Change in Iraqi Kurdistan

Third party activism is alive and well . . . in Iraqi Kurdistan. In early May, I relayed an NPR story reporting that "the Kurdish duopoly parties will run on a joint ticket in upcoming elections. Third party opposition leaders argue that this is precisely how the entrenched parties avoid accountability while retaining their power over security, government and the economy in Iraqi Kurdistan." Today, Time Magazine speculates on the possibility that "Kurds vs. Arabs could be Iraq's next civil war." Buried in the article is an update on the political opposition to the Kurdish duopoly parties:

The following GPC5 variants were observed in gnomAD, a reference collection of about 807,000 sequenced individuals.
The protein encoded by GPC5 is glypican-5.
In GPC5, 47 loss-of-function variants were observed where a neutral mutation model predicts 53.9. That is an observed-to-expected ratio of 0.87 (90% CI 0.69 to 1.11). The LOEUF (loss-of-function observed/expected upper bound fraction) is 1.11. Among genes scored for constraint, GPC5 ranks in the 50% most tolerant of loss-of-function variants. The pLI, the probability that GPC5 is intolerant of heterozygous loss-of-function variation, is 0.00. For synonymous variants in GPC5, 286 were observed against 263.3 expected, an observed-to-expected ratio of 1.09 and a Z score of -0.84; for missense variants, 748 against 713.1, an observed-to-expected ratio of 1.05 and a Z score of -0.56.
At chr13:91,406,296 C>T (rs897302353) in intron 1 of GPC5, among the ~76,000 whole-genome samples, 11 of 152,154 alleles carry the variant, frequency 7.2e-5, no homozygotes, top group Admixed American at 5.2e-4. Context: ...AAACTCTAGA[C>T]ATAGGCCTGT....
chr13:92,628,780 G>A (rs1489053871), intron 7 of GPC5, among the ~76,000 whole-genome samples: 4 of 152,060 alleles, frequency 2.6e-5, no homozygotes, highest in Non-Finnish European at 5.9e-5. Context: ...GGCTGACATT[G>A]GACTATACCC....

In Kurdistan, where parliamentary elections will be held on June 25, a new party called Change is mounting the first significant challenge to the duopoly of Barzani's Kurdistan Democratic Party and the Patriotic Union of Kurdistan, led by Iraqi President Jalal Talabani. The new party is gaining ground by tapping into growing dissatisfaction with government corruption and nepotism.

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